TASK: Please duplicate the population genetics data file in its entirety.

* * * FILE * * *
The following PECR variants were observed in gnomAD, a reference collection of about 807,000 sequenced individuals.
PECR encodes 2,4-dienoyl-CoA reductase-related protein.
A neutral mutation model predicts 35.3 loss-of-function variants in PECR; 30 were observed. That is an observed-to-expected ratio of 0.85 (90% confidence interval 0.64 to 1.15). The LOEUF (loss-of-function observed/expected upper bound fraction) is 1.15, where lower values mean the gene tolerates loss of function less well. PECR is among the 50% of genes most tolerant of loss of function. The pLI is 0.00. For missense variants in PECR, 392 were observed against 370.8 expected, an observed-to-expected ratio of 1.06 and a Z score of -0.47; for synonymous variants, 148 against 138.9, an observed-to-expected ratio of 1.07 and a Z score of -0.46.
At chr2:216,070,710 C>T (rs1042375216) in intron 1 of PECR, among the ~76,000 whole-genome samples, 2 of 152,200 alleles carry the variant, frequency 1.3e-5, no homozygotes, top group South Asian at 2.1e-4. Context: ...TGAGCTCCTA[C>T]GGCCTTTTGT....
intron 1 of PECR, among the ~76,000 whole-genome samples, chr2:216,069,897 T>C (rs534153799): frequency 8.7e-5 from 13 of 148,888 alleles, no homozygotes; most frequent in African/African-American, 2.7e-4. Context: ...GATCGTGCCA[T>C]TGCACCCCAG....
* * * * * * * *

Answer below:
The following PECR variants were observed in gnomAD, a reference collection of about 807,000 sequenced individuals.
PECR encodes 2,4-dienoyl-CoA reductase-related protein.
A neutral mutation model predicts 35.3 loss-of-function variants in PECR; 30 were observed. That is an observed-to-expected ratio of 0.85 (90% confidence interval 0.64 to 1.15). The LOEUF (loss-of-function observed/expected upper bound fraction) is 1.15, where lower values mean the gene tolerates loss of function less well. PECR is among the 50% of genes most tolerant of loss of function. The pLI is 0.00. For missense variants in PECR, 392 were observed against 370.8 expected, an observed-to-expected ratio of 1.06 and a Z score of -0.47; for synonymous variants, 148 against 138.9, an observed-to-expected ratio of 1.07 and a Z score of -0.46.
At chr2:216,070,710 C>T (rs1042375216) in intron 1 of PECR, among the ~76,000 whole-genome samples, 2 of 152,200 alleles carry the variant, frequency 1.3e-5, no homozygotes, top group South Asian at 2.1e-4. Context: ...TGAGCTCCTA[C>T]GGCCTTTTGT....
intron 1 of PECR, among the ~76,000 whole-genome samples, chr2:216,069,897 T>C (rs534153799): frequency 8.7e-5 from 13 of 148,888 alleles, no homozygotes; most frequent in African/African-American, 2.7e-4. Context: ...GATCGTGCCA[T>C]TGCACCCCAG....